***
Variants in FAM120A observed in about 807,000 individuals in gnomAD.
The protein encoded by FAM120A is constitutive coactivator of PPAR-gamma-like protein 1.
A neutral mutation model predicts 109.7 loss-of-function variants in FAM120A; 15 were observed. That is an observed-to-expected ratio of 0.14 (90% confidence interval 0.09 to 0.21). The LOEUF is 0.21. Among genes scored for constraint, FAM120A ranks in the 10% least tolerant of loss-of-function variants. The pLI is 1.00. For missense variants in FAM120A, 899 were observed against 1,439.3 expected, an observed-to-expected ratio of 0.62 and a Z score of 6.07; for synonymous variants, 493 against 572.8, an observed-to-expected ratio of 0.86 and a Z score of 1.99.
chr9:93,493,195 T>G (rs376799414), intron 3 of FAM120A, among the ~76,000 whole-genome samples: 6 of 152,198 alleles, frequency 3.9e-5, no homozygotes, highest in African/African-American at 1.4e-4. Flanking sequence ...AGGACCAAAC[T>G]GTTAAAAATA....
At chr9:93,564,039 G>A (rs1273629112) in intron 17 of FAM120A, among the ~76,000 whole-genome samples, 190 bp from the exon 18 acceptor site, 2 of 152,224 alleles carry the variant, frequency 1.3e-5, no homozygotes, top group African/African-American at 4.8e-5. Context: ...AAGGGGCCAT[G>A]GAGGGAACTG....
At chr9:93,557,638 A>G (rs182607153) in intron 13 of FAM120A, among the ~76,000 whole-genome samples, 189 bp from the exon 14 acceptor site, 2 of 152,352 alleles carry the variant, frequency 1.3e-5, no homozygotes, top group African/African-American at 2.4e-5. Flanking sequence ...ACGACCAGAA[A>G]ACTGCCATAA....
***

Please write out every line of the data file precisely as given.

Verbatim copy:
Variants in FAM120A observed in about 807,000 individuals in gnomAD.
The protein encoded by FAM120A is constitutive coactivator of PPAR-gamma-like protein 1.
A neutral mutation model predicts 109.7 loss-of-function variants in FAM120A; 15 were observed. That is an observed-to-expected ratio of 0.14 (90% confidence interval 0.09 to 0.21). The LOEUF is 0.21. Among genes scored for constraint, FAM120A ranks in the 10% least tolerant of loss-of-function variants. The pLI is 1.00. For missense variants in FAM120A, 899 were observed against 1,439.3 expected, an observed-to-expected ratio of 0.62 and a Z score of 6.07; for synonymous variants, 493 against 572.8, an observed-to-expected ratio of 0.86 and a Z score of 1.99.
chr9:93,493,195 T>G (rs376799414), intron 3 of FAM120A, among the ~76,000 whole-genome samples: 6 of 152,198 alleles, frequency 3.9e-5, no homozygotes, highest in African/African-American at 1.4e-4. Flanking sequence ...AGGACCAAAC[T>G]GTTAAAAATA....
At chr9:93,564,039 G>A (rs1273629112) in intron 17 of FAM120A, among the ~76,000 whole-genome samples, 190 bp from the exon 18 acceptor site, 2 of 152,224 alleles carry the variant, frequency 1.3e-5, no homozygotes, top group African/African-American at 4.8e-5. Context: ...AAGGGGCCAT[G>A]GAGGGAACTG....
At chr9:93,557,638 A>G (rs182607153) in intron 13 of FAM120A, among the ~76,000 whole-genome samples, 189 bp from the exon 14 acceptor site, 2 of 152,352 alleles carry the variant, frequency 1.3e-5, no homozygotes, top group African/African-American at 2.4e-5. Flanking sequence ...ACGACCAGAA[A>G]ACTGCCATAA....